NBC clearly has a developmental hard-on for the Hannibal Lecter novels. Just one series directly connected to the iconic franchise wasn’t enough; they wanted to invoke its essence yet again. The show clearly has its sights set on being a cocktail of Homeland and Silence of the Lambs and, for the most part, it works. Megan Boone is no Jodie Foster or Claire Danes, but she delvers a charismatic turn as Elizabeth Keen, the up-and-coming rookie profiler that Reddington hand picks to be his crime fighting conduit. She doesn’t quite entirely sell me in this pilot, but it’s a bit too early to tell whether it’s her not being up to the task or the writing not giving her enough to work with. I think we can all agree that the greatest crime is that they actually gave an FBI profiler the last name of Keen. Maybe they changed it from the original “Veryobservantowitz” at Ellis Island.


The show covers a lot of ground in its hourlong debut, keeping the tension and action moving, but it undercuts itself by not quite earning the emotional payoffs it so clearly wants. The pilot revolves around a race against time to find a chemical weapon strapped to a little girl that is set to take out a sizable chunk of Washington, D.C.’s youthful population. The set-piece moments are effective, albeit predictable, with enough action and gunplay to keep things exciting and on edge. That being said, for a life or death situation, there’s a decided lack of stakes. It’s almost too slick for its own good, but I can appreciate their run and gun approach at trying to hook the maximum amount of viewers possible.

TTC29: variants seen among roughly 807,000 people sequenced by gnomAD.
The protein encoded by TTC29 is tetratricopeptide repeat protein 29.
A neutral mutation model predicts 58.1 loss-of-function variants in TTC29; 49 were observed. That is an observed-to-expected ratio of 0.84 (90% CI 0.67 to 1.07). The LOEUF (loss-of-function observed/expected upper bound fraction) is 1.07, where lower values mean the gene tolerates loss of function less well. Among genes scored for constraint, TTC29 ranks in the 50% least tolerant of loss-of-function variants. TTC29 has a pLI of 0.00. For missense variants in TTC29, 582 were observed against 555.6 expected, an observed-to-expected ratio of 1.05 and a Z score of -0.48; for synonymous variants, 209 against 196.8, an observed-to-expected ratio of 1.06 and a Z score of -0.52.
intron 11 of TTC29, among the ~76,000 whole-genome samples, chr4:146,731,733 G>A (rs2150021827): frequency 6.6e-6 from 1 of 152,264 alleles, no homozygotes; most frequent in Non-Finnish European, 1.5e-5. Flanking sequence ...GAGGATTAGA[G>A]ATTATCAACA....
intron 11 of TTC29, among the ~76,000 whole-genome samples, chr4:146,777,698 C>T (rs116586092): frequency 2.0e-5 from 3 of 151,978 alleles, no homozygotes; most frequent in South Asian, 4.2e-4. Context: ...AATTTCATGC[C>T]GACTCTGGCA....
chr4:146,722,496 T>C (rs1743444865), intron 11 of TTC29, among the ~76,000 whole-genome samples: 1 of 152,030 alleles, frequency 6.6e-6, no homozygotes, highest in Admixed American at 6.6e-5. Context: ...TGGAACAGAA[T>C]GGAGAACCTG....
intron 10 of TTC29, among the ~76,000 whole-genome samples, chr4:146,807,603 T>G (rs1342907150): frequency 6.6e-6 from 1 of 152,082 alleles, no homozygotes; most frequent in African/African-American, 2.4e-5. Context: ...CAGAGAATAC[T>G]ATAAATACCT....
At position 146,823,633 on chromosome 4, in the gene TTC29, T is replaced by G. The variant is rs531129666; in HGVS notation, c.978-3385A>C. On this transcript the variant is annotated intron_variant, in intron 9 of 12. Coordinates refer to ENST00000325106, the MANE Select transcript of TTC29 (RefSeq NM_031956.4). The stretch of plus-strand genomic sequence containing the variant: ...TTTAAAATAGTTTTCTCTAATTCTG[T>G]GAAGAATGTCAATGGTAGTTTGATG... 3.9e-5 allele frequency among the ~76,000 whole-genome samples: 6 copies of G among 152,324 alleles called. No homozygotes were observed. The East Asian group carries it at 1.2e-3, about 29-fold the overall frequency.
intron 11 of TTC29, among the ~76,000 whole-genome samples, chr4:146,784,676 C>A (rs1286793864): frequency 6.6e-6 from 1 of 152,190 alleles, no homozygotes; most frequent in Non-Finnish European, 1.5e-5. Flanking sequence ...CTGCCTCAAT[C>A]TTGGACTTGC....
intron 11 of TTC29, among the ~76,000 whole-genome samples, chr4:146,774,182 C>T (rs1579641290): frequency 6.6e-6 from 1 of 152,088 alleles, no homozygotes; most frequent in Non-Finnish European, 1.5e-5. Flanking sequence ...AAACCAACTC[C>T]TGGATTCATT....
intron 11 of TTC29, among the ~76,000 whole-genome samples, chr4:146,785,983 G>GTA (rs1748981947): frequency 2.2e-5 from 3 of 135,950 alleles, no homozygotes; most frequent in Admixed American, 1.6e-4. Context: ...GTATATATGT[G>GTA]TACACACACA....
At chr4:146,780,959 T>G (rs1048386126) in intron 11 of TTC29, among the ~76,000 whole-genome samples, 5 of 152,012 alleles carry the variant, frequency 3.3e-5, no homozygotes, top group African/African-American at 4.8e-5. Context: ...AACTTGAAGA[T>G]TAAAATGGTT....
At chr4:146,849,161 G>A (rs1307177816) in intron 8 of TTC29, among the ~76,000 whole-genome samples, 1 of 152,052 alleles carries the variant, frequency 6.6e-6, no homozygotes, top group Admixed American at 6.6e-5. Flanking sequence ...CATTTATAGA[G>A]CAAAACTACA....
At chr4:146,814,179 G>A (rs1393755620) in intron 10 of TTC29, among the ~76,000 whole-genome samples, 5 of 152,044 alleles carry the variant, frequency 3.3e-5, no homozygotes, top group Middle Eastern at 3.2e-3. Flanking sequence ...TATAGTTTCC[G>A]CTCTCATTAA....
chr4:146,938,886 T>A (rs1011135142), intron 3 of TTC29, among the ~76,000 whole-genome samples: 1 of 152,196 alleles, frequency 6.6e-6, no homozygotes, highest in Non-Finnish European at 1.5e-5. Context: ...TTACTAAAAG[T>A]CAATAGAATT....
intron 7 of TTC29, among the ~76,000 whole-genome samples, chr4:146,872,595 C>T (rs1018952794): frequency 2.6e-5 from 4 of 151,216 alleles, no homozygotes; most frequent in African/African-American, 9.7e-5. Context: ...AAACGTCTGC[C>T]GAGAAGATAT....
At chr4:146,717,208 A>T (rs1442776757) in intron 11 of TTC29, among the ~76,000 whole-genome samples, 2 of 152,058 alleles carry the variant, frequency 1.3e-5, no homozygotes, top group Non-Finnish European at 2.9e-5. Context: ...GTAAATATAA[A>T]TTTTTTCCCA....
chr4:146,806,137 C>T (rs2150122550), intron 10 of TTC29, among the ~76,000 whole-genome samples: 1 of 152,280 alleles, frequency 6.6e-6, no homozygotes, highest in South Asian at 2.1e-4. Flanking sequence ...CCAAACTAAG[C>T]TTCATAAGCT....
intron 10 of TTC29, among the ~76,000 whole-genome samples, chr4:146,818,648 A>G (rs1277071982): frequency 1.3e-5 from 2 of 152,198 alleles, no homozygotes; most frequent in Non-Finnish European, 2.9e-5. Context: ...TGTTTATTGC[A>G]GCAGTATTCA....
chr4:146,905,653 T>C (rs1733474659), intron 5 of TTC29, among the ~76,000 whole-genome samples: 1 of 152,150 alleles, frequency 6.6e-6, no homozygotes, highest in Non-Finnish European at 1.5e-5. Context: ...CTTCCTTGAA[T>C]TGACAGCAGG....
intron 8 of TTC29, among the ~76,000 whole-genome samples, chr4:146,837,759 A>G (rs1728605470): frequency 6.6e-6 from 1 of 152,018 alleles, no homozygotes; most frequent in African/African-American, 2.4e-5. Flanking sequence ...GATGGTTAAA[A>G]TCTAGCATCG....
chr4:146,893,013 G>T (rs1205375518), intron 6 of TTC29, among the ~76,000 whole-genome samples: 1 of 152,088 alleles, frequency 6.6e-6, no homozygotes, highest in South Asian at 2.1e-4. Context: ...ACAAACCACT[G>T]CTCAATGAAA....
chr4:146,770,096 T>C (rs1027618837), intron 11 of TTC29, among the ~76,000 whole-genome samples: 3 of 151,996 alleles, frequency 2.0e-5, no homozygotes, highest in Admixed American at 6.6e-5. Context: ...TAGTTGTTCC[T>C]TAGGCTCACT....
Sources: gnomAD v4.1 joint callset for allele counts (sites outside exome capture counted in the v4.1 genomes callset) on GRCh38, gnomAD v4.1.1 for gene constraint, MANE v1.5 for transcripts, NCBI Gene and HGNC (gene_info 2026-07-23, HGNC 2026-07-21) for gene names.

Perhaps the show would be wise to take notes from its narrative influences by slowing things down a little bit and taking its time. We don’t need another crime-of-the-week TV drama; there’s plenty of those already. Rather, if this can successfully flip the script on the crime procedural drama and make use of Spader’s considerable talents and its stars’ inherent likability, it has the potential to grow into something truly worthwhile. My verdict? It may not be on your Top 10 Most Wanted yet, but to let this one pass you by could be truly criminal.

Stray observations

– Bronies take note — this is how you wear a fedora. Also take note — stop wearing fedoras.
– James Spader, the only thing creepier than you is nothing.
– Lizzie’s husband (Ryan Eggold) is such an unreasonably handsome dweeb that he seems like an apocryphal Liz Lemon love interest.
– It’s always nice to see Diego Klattenhoff again. Maybe he’ll make huevos rancheros and bust out the FBI’s secret Jaeger suit that they’ve been working on. Only time will tell.